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When a company “goes bust,” it’s easy to imagine the directors having to sell everything they own in a desperate bid to save it. After all, surely they must appease a queue of creditors looking to reclaim their money.
However, the reality of a company closing due to insolvency is often very different and less dramatic. While it can still be a worrying time if you’re a director, being at the helm of an insolvent company doesn’t always mean your career is over for good. This is true even if the company has to close.
Do Directors of Insolvent Companies Have to Go Bankrupt?
In the UK, companies don’t declare bankruptcy in the same way their American counterparts do. Instead, the company can enter an insolvency process. For example, there could be a Company Voluntary Arrangement that allows the business to repay its debts. Alternative, the directors could choose a Creditors Voluntary Liquidation to close the company. Additionally, UK-based individuals, including company directors, can go personally bankrupt if they’re struggling to repay their personal liabilities.
If the company closes due to unmanageable amounts of debt, the director’s personal finances shouldn’t be affected. This is because incorporating the business in a limited company gives its directors limited liability protection. This protection separates the director’s personal finances from the company’s. This means that if the company encounters financial trouble or faces closure, the directors’ personal finances won’t be affected.
That said, there are instances where this limited liability could be bypassed. For example, suppose a liquidator determines the company has knowingly traded while insolvent. Or it is discovered that the director has committed wrongful or fraudulent trading. In that case, an investigation could decide that a director is liable for the company’s debts. Whether this would happen depends on the company and the director’s specific circumstances.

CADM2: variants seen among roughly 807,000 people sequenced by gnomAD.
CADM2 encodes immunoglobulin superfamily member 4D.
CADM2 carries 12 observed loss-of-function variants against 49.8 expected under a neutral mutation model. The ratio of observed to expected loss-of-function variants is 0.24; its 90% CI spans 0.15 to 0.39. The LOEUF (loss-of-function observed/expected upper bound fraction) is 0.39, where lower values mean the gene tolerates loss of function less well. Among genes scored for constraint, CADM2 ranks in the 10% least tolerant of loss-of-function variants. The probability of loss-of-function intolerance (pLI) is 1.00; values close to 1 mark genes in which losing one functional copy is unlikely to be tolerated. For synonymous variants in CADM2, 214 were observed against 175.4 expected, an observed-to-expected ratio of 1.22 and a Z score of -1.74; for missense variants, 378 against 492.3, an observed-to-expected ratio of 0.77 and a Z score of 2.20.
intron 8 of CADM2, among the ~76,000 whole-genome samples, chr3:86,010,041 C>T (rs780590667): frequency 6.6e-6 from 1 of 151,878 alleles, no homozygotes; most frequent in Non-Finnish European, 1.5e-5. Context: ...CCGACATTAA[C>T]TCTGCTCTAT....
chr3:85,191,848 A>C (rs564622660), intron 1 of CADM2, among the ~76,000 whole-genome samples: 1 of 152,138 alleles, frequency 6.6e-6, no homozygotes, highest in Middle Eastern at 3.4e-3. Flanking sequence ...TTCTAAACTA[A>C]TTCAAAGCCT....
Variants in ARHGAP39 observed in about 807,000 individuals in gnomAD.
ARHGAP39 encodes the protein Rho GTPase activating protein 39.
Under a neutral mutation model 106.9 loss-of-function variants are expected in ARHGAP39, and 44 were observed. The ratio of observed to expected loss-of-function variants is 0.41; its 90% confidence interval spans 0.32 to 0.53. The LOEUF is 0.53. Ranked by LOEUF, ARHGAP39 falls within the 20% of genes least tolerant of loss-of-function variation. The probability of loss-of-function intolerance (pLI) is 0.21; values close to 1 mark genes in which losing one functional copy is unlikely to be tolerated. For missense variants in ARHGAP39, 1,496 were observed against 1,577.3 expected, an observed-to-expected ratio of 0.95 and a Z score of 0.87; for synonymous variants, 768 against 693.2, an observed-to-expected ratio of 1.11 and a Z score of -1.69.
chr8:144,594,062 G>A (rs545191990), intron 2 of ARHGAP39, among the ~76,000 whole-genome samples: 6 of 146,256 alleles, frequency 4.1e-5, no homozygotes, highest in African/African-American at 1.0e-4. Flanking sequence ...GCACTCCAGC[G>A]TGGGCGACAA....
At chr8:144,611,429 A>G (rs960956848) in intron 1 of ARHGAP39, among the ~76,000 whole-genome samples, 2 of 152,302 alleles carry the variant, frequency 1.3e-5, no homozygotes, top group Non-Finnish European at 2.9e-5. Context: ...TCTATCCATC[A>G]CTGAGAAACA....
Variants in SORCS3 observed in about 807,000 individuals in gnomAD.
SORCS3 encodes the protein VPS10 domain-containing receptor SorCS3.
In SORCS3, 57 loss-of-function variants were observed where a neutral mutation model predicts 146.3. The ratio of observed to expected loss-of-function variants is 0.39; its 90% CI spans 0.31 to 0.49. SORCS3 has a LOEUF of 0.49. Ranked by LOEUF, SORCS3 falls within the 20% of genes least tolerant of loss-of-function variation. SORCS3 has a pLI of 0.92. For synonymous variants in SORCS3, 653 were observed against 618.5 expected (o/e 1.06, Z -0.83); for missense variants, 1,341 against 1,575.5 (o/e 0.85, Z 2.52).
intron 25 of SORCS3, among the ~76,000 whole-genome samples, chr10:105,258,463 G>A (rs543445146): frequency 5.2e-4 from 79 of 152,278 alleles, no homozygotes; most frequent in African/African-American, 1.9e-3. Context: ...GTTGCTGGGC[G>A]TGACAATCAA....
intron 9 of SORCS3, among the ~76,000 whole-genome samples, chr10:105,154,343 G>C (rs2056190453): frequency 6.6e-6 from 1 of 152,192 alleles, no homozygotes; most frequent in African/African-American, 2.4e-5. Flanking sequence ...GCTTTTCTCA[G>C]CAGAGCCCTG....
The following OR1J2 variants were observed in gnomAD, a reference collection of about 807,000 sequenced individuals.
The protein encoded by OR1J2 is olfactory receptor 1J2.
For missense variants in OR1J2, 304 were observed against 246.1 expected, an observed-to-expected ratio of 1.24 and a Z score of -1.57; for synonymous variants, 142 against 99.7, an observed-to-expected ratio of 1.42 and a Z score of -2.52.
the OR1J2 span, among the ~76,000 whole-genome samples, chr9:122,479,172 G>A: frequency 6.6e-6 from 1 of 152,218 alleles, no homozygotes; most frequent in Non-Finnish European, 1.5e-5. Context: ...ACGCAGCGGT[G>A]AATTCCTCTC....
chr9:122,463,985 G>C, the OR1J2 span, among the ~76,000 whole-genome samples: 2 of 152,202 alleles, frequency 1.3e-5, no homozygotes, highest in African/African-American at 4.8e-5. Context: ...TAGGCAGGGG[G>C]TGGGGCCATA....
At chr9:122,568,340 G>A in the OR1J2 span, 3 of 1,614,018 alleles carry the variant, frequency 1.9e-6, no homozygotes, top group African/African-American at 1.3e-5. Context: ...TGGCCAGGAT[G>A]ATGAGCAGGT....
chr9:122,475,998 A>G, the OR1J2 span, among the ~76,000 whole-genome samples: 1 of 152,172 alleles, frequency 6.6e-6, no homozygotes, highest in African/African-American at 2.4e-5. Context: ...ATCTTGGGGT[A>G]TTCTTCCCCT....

Will Directors Be Charged with Wrongdoing?
Having a company close with them at the helm might be embarrassing for a director. However, being in charge of a failed company isn’t a chargeable offense in itself. That said, a liquidator may investigate the director’s actions leading up to and during the company’s insolvency. During this investigation, the liquidator will attempt to ascertain whether the directors have traded while insolvent or committed wrongful trading. Wrongful trading means the directors were aware the company couldn’t repay its liabilities but continued trading anyway.
Additionally, more severe repercussions could follow if the directors have taken on additional work in full knowledge that they cannot complete it due to the company’s insolvency. Something similar could happen if directors deliberately defraud customers with no intent to honor the agreement. Doing so would be fraudulent trading. Directors found guilty of these offenses could receive a director’s ban of up to fifteen years. They could even find themselves personally liable for the company’s debts.
On top of wrongful and fraudulent trading charges, a director could face disqualification for other reasons:
- Inadequate financial records
- If the director enters personal bankruptcy
- Or if the company enters insolvency with an overdrawn director’s loan account
Can Directors of Closed Companies Start Again?
While the limited company may have found itself the victim of bad luck or poor management, you may wish to start a new venture or act as a director in an existing limited company.
Unless you’re found guilty of the offenses listed above, a director of a closed, insolvent limited company can usually act as director in another company afterward.
If it’s deemed in the creditors’ best interests, you may have the opportunity to purchase the old company’s assets at market value and set up a new limited company. Doing so is called a pre-pack administration or pre-pack liquidation. There are strict rules surrounding these processes. Moreover, if you want to work in the same trade or industry as the insolvent company, there may be restrictions on the use of company names and other branding elements.
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While directors may worry about their personal finances if their company declares bankruptcy, they needn’t, as long as the directors have fulfilled their duties. A company’s finances and the director’s personal finances are separate. Therefore, in the absence of personal guarantees or evidence of trading while insolvent, directors of insolvent companies shouldn’t face personal financial hardship or bankruptcy.
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While heading an insolvent company isn’t a chargeable offense, a liquidator may investigate a director’s actions during the insolvency and in the lead-up. If a liquidator finds no evidence of wrongdoing or wrongful or fraudulent trading, directors are usually free to get on with their lives. They can even start a new limited company if they wish.